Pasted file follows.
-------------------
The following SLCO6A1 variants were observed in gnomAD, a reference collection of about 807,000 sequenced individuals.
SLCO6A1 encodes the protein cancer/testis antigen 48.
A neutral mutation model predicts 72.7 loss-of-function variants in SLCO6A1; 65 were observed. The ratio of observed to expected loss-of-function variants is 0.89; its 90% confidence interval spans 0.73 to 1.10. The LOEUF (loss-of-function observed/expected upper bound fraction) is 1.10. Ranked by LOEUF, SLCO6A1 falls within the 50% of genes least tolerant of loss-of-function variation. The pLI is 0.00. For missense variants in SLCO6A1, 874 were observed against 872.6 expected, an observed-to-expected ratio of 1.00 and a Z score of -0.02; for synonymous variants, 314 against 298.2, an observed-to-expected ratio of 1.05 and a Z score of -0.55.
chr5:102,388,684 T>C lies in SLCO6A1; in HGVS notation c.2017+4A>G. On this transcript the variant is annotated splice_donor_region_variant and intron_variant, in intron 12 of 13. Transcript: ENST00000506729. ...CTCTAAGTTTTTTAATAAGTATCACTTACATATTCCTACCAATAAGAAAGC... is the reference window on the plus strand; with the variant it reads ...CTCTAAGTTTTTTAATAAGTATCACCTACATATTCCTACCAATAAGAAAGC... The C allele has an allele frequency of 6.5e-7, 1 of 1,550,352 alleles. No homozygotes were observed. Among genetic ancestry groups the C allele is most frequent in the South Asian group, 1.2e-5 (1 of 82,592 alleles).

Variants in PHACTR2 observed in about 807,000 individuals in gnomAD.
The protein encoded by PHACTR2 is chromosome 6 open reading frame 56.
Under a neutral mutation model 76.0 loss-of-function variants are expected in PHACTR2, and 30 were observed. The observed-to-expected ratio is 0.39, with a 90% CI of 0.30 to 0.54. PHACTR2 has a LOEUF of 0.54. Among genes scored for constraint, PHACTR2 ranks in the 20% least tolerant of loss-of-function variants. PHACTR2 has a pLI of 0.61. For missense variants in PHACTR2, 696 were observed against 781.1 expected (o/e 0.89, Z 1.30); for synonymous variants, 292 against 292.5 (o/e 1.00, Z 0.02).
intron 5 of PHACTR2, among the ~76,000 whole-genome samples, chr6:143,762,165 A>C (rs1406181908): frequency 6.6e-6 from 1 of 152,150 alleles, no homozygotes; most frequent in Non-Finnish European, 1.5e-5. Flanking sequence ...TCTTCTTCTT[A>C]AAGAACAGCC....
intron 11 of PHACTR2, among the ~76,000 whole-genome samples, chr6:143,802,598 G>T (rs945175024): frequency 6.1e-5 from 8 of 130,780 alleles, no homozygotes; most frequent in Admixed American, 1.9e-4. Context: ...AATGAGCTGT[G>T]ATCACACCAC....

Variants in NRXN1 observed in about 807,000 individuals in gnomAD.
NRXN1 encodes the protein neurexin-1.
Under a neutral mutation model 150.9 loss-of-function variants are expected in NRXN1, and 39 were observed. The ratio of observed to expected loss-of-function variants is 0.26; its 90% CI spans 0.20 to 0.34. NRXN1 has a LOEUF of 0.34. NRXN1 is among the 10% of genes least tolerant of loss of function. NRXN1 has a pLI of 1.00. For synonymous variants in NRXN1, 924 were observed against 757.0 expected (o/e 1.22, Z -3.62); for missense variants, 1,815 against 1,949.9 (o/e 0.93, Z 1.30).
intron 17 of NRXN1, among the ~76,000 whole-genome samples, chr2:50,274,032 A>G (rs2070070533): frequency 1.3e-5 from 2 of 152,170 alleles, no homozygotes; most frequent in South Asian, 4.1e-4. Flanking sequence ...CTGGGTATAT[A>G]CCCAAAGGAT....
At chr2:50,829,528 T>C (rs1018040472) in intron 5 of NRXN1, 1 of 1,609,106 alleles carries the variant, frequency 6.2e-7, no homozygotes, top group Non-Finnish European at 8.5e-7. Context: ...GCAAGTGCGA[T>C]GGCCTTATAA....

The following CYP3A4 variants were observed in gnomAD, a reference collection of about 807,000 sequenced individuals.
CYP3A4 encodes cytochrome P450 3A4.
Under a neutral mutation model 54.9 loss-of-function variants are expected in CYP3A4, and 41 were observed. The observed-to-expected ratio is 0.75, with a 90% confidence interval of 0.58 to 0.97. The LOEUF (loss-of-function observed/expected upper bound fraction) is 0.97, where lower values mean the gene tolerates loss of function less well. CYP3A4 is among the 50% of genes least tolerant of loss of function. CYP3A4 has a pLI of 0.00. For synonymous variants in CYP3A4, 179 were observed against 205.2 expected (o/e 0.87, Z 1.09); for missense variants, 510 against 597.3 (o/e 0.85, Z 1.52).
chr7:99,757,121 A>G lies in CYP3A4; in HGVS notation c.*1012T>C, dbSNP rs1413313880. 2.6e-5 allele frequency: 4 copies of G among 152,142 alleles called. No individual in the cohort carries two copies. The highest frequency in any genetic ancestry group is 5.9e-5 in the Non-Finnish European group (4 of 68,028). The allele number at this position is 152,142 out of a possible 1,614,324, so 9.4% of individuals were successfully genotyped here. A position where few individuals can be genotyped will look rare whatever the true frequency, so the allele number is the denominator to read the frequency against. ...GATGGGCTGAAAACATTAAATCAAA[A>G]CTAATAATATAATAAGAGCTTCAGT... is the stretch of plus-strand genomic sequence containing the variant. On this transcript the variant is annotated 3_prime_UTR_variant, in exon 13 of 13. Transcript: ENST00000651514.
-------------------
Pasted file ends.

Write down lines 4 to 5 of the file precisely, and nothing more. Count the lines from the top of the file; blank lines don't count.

chr5:102,388,684 T>C lies in SLCO6A1; in HGVS notation c.2017+4A>G. On this transcript the variant is annotated splice_donor_region_variant and intron_variant, in intron 12 of 13. Transcript: ENST00000506729. ...CTCTAAGTTTTTTAATAAGTATCACTTACATATTCCTACCAATAAGAAAGC... is the reference window on the plus strand; with the variant it reads ...CTCTAAGTTTTTTAATAAGTATCACCTACATATTCCTACCAATAAGAAAGC... The C allele has an allele frequency of 6.5e-7, 1 of 1,550,352 alleles. No homozygotes were observed. Among genetic ancestry groups the C allele is most frequent in the South Asian group, 1.2e-5 (1 of 82,592 alleles).

Variants in PHACTR2 observed in about 807,000 individuals in gnomAD.